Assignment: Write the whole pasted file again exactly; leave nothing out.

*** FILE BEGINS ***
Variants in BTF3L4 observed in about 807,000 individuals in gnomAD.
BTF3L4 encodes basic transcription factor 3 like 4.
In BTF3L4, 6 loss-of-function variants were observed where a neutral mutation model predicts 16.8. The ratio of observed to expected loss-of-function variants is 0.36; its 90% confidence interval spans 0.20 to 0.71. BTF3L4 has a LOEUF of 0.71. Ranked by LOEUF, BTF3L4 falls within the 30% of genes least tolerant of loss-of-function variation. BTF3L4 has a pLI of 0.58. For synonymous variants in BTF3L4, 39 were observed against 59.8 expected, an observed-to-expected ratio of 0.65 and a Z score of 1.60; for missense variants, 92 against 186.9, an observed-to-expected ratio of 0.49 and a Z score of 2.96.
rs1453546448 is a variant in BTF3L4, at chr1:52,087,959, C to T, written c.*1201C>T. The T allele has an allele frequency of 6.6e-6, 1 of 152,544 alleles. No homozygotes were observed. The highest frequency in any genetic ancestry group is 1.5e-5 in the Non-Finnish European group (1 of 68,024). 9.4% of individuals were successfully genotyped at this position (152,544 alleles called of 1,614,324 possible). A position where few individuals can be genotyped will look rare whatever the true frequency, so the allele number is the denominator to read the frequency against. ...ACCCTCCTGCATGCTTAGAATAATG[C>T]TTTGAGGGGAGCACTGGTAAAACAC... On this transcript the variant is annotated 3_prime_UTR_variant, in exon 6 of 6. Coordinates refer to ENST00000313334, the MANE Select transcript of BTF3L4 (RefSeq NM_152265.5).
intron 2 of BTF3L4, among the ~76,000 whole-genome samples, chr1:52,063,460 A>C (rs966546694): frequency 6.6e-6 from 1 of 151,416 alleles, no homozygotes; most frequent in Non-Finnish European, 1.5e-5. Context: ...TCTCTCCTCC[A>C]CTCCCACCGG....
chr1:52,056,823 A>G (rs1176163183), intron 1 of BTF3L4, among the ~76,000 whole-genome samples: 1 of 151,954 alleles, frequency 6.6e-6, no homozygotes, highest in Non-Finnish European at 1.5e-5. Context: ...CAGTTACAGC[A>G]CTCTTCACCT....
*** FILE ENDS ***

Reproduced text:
Variants in BTF3L4 observed in about 807,000 individuals in gnomAD.
BTF3L4 encodes basic transcription factor 3 like 4.
In BTF3L4, 6 loss-of-function variants were observed where a neutral mutation model predicts 16.8. The ratio of observed to expected loss-of-function variants is 0.36; its 90% confidence interval spans 0.20 to 0.71. BTF3L4 has a LOEUF of 0.71. Ranked by LOEUF, BTF3L4 falls within the 30% of genes least tolerant of loss-of-function variation. BTF3L4 has a pLI of 0.58. For synonymous variants in BTF3L4, 39 were observed against 59.8 expected, an observed-to-expected ratio of 0.65 and a Z score of 1.60; for missense variants, 92 against 186.9, an observed-to-expected ratio of 0.49 and a Z score of 2.96.
rs1453546448 is a variant in BTF3L4, at chr1:52,087,959, C to T, written c.*1201C>T. The T allele has an allele frequency of 6.6e-6, 1 of 152,544 alleles. No homozygotes were observed. The highest frequency in any genetic ancestry group is 1.5e-5 in the Non-Finnish European group (1 of 68,024). 9.4% of individuals were successfully genotyped at this position (152,544 alleles called of 1,614,324 possible). A position where few individuals can be genotyped will look rare whatever the true frequency, so the allele number is the denominator to read the frequency against. ...ACCCTCCTGCATGCTTAGAATAATG[C>T]TTTGAGGGGAGCACTGGTAAAACAC... On this transcript the variant is annotated 3_prime_UTR_variant, in exon 6 of 6. Coordinates refer to ENST00000313334, the MANE Select transcript of BTF3L4 (RefSeq NM_152265.5).
intron 2 of BTF3L4, among the ~76,000 whole-genome samples, chr1:52,063,460 A>C (rs966546694): frequency 6.6e-6 from 1 of 151,416 alleles, no homozygotes; most frequent in Non-Finnish European, 1.5e-5. Context: ...TCTCTCCTCC[A>C]CTCCCACCGG....
chr1:52,056,823 A>G (rs1176163183), intron 1 of BTF3L4, among the ~76,000 whole-genome samples: 1 of 151,954 alleles, frequency 6.6e-6, no homozygotes, highest in Non-Finnish European at 1.5e-5. Context: ...CAGTTACAGC[A>G]CTCTTCACCT....